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/tech/ - Technology

"Technology reveals the active relation of man to nature" - Karl Marx
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Lets talk about old computers. I'll start with my belief that disk incompatibility (outside supporting the IBM) really hurt Atari and Commodore, even though the C128 with the 1571 drive can read a number of 5¼" CP/M disks it is the exception even going forward, other then the MSX that was a licenced standard so of course all the manufactures of MSX computers have the same disk standard as that was the point (and the IBM clones naturally copied the IBM Dos disk format).


It's funny that the very first PCs were just boxes that needed an external screen and keyboard. It all comes full circle.


Or teletype, also those that say Linux is hard never experienced real old skool computers.


I recall a story of someone debugging msdos with their printer as the tty. I thought it was Neil Stephenson, but the grep doesn't show anything related.


Why are UNIX computers never mentioned when people talk about retro computing? did they all experience collective amnesia?
Yes I'm aware not everyone could afford to have a PDP-11 in their mom's basement, but there personal were personal computers being sold with UNIX on them.
Besides the AT&T UNIX PC pic attached to the OP's post, the IBM PCs had options like XENIX from microsoft or hell even from IBM themselves.


I wouldn't say never but far rarer due to them being work horses. You can even see this with the popular view of the C128 of it lacking software where if you looked at productivity it had enough that took advantage of 80 columns and the faster disk drive to make it useable as a home office computer thus why it did sell well yet many in the retro community uses games as a metric even for machines that nobody bought for gaming.


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>codes his own one line editor (ed)
>writes Unix in a few weeks on a teletype
OOP and normies with computers were the downfall of programming


JFC imagine the waste of paper


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MSX was basically Japan's answer to the CP/M machines in the west (if Digital Research created a hardware standard). With NEC, Sharp and Fujitsu collectively owning half the Japanese market at the time, the rest of the Japanese electronics industry agreed to work together rather then competing for table scraps. Microsoft of Japan took a leadership role early on but Microsoft back in the US pulled out shortly after the MSX2 launched as they didn't like having to contribute to support the standard. Panasonic and ASCII Corporation were happy to divvy up Microsoft's take among themselves with MS leaving right when the MSX started to really take off in Asia yet this also marked the beginning of the end for the MSX in the west (not sure if this was a coincidence). Microsoft back in the USA never did support the MSX outside the bare minimal with them not even porting and localizing Multiplan to the any of the Japanese systems.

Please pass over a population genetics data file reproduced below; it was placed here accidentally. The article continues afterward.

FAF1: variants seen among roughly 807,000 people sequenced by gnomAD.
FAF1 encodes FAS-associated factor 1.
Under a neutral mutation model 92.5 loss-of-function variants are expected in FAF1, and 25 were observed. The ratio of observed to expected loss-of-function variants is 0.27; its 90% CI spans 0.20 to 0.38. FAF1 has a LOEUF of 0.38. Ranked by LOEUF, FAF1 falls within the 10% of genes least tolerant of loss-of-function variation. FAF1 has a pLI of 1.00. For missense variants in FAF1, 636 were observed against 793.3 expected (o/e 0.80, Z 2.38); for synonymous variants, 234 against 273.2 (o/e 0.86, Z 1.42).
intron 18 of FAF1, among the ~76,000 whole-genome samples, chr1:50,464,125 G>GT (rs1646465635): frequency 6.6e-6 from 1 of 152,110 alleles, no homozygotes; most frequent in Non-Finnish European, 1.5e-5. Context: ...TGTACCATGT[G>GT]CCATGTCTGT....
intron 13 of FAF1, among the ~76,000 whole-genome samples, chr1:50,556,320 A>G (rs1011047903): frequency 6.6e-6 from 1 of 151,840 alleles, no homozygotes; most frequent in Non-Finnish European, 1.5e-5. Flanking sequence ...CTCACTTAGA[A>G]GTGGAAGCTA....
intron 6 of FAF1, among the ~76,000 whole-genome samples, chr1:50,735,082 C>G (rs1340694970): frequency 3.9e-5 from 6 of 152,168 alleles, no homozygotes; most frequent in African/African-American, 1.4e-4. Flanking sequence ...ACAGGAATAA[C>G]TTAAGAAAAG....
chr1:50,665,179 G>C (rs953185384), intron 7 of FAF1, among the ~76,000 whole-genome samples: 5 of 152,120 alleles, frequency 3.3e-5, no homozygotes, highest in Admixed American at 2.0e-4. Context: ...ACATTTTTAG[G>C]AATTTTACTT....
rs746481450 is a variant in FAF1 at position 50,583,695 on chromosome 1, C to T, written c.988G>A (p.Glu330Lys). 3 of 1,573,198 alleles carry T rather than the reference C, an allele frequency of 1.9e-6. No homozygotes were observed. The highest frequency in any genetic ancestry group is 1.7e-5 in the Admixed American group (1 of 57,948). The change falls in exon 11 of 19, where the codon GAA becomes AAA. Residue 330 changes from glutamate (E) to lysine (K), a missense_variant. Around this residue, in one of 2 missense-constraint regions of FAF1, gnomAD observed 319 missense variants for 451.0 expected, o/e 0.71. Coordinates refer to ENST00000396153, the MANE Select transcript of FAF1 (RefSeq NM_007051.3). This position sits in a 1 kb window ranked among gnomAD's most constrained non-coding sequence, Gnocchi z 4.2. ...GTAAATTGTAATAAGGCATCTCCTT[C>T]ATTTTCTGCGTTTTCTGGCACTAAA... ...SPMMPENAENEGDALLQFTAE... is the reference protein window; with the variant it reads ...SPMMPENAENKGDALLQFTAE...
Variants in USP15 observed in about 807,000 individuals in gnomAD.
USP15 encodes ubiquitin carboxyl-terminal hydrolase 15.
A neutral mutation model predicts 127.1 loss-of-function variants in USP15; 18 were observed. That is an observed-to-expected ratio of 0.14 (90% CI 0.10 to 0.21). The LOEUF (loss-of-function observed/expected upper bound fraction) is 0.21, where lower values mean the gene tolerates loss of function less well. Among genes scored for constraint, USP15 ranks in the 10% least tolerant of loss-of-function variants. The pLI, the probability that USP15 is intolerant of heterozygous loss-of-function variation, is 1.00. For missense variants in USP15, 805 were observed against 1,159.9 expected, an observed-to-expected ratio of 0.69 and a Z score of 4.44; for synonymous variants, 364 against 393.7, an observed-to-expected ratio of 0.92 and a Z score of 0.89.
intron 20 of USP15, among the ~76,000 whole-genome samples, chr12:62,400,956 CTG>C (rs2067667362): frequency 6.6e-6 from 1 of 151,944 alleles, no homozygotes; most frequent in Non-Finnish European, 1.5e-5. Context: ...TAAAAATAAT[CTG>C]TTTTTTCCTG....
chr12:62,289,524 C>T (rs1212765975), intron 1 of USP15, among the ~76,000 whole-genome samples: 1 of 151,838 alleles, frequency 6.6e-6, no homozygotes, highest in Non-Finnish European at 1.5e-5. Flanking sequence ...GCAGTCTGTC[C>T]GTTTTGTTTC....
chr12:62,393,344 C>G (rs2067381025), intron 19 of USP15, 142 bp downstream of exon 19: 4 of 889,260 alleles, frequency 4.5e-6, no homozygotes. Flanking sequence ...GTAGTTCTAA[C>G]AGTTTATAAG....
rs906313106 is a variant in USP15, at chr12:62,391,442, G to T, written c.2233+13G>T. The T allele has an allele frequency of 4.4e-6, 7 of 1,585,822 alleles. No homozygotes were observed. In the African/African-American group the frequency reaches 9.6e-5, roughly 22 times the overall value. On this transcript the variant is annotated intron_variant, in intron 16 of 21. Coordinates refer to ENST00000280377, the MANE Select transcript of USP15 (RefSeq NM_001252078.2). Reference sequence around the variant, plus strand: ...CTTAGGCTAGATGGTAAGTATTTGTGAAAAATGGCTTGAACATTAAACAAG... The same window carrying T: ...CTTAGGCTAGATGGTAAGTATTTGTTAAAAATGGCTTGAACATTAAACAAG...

MSX lasted through the 80s and into the early 90s with it major stumbling block being its inability to come out with MSX3 due to lack of reinvestment.


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is the coil whine issue of modern computers worse or louder than the old computers that used to just need to function normally?


I never heard of coil while being an issue in older machines though cross talk was a bigger issue (line out having distortions from RF noise generated by the computer).


Anyone else find it odd that only the Macintosh and IBM Compat survived? Even in Japan where IBM didn't sell a single IBM PC till 1984 and even then getting slaughtered in the Japanese market throughout the 80s, in the mid 90s just gave up having their own platforms owned by massive firms like NEC and Sharp switched to WinTel machines. Even Sony only sold a hobbyist dev kit that required a PC for the Playstation instead of a kit to the Playstation a full home computer.


people don't like many different platforms, and especially with the rise of the global internet


Code portability is not big of a problem on modern systems. For example you can make the PS3 a workable Linux workstation where the issue is most Linux code not optimized for the PS3 (yet it is not hard to get most Linux code to work on the PS3 architecture).


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It seems the USSR imported MSX computers for its classrooms. Anyone know if they also made a clone of them?


You appear to be using non-libre codecs in addition to bad cropping and compression. Let me help.


>Anyone know if they also made a clone of them?
I don't know, but they did make several ZX Spectrum clones.


File: 1667877118684.webm (41.94 MB, 1280x720, MSX Lightpen.webm)

No offence to the Spectrum but the MSX was a more powerful platform despite what Clive Sinclair and Jack Tramiel said about them back in the mid 80s.

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